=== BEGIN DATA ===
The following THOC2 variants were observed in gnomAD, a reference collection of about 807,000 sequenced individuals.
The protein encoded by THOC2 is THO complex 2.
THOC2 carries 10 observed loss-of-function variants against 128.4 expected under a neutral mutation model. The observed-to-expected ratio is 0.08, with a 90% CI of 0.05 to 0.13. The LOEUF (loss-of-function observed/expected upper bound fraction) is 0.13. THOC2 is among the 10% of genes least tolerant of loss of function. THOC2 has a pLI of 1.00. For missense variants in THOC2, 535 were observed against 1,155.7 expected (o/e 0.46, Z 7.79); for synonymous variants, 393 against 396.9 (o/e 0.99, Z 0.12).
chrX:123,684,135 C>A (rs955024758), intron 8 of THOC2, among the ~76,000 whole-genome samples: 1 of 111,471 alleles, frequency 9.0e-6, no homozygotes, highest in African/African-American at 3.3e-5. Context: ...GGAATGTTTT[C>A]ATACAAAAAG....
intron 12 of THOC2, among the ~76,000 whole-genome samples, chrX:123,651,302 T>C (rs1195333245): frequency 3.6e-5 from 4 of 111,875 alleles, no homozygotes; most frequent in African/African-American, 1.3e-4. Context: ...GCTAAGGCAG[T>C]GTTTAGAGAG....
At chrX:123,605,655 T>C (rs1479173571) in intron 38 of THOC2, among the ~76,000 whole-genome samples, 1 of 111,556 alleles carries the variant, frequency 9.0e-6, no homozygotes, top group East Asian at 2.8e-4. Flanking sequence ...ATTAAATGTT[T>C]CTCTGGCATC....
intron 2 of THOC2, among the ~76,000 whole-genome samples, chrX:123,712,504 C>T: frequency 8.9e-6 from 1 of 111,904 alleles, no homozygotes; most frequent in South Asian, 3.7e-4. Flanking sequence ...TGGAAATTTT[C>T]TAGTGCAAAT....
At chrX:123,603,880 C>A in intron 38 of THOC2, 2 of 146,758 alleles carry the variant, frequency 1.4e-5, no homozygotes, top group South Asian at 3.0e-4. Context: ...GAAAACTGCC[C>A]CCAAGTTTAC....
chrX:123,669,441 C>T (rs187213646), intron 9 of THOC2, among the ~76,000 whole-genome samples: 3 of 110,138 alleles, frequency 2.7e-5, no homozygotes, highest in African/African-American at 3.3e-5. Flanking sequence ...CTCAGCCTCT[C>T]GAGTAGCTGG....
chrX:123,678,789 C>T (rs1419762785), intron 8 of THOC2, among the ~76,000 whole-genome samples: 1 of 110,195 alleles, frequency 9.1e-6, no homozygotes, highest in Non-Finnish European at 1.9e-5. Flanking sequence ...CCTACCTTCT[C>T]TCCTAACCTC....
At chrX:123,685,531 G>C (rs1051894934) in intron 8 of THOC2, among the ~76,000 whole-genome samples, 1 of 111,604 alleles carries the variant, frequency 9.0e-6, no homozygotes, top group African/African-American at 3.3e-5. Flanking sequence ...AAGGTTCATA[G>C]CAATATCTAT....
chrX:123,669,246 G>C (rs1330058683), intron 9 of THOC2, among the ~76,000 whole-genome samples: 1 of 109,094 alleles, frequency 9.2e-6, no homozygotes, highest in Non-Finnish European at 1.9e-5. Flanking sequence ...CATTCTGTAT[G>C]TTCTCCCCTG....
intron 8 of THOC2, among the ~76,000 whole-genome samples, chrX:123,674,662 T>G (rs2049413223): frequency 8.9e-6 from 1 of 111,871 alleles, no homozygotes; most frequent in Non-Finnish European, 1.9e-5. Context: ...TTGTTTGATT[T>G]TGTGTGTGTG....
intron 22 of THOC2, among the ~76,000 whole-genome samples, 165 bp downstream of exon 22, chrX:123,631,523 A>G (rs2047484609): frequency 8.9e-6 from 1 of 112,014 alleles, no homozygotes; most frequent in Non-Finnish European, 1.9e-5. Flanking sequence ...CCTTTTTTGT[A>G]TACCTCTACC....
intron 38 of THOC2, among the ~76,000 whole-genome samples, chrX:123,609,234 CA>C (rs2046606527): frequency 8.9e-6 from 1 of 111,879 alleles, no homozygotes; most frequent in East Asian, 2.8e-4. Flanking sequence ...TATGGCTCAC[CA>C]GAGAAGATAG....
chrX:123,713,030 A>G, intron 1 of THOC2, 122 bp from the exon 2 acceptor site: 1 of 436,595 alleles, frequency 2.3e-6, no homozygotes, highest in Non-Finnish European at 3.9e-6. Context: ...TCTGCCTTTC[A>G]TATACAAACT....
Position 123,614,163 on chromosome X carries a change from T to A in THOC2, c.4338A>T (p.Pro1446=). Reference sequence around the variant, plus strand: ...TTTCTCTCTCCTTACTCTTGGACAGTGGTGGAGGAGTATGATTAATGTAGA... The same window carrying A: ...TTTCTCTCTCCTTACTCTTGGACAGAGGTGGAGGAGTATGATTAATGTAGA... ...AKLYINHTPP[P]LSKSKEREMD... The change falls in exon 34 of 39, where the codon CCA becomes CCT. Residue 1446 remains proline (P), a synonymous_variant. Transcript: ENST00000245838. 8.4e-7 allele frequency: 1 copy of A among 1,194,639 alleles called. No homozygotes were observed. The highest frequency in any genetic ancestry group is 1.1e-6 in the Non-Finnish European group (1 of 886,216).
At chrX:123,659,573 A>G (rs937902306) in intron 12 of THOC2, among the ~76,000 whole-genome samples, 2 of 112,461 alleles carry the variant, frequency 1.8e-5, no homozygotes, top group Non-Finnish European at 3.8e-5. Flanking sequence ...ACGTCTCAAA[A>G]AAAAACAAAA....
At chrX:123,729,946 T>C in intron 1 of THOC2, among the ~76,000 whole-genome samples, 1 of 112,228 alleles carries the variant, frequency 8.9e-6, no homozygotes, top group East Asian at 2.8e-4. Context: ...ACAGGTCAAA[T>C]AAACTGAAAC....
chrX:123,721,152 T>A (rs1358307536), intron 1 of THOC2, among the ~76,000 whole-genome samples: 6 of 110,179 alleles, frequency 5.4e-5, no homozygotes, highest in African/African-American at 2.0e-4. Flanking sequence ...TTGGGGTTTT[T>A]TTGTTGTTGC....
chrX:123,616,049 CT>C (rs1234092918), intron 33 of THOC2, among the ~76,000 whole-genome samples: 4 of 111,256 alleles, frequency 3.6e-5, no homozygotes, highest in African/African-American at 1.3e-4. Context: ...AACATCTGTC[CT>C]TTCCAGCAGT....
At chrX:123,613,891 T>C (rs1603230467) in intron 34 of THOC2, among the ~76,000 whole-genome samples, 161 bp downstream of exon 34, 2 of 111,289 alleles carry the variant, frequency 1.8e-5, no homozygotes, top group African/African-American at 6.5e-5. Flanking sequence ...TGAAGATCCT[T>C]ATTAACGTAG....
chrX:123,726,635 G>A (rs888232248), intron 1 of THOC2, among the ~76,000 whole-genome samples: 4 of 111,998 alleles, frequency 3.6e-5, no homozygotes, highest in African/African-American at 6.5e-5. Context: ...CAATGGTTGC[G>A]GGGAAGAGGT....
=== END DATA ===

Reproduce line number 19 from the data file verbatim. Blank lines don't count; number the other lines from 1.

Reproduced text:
At chrX:123,729,946 T>C in intron 1 of THOC2, among the ~76,000 whole-genome samples, 1 of 112,228 alleles carries the variant, frequency 8.9e-6, no homozygotes, top group East Asian at 2.8e-4. Context: ...ACAGGTCAAA[T>C]AAACTGAAAC....